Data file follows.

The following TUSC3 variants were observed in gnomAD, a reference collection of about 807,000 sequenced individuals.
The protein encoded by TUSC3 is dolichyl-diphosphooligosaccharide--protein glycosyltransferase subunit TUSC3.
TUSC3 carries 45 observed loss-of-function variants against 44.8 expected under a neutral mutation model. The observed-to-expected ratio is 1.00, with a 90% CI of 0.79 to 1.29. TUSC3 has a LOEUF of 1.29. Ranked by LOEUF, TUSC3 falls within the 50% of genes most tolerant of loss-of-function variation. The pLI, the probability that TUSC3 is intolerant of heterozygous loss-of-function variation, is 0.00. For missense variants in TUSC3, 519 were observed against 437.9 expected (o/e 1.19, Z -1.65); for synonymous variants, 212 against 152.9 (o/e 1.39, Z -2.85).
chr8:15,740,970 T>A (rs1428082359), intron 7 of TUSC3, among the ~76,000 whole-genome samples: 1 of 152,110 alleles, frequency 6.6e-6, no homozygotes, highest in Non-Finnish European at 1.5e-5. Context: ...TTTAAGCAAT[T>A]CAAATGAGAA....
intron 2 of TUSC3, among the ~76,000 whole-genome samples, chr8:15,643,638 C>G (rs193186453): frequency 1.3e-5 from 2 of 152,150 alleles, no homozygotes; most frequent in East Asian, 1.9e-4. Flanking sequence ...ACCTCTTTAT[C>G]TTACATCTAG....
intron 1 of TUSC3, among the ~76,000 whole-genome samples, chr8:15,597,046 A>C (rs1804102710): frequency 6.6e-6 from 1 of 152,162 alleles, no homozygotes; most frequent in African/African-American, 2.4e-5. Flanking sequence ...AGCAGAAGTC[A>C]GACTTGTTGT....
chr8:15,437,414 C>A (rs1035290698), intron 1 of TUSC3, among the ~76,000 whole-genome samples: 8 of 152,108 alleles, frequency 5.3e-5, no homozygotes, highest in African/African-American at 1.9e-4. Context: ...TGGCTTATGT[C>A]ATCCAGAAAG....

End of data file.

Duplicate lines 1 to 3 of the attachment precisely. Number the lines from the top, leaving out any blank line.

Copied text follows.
The following TUSC3 variants were observed in gnomAD, a reference collection of about 807,000 sequenced individuals.
The protein encoded by TUSC3 is dolichyl-diphosphooligosaccharide--protein glycosyltransferase subunit TUSC3.
TUSC3 carries 45 observed loss-of-function variants against 44.8 expected under a neutral mutation model. The observed-to-expected ratio is 1.00, with a 90% CI of 0.79 to 1.29. TUSC3 has a LOEUF of 1.29. Ranked by LOEUF, TUSC3 falls within the 50% of genes most tolerant of loss-of-function variation. The pLI, the probability that TUSC3 is intolerant of heterozygous loss-of-function variation, is 0.00. For missense variants in TUSC3, 519 were observed against 437.9 expected (o/e 1.19, Z -1.65); for synonymous variants, 212 against 152.9 (o/e 1.39, Z -2.85).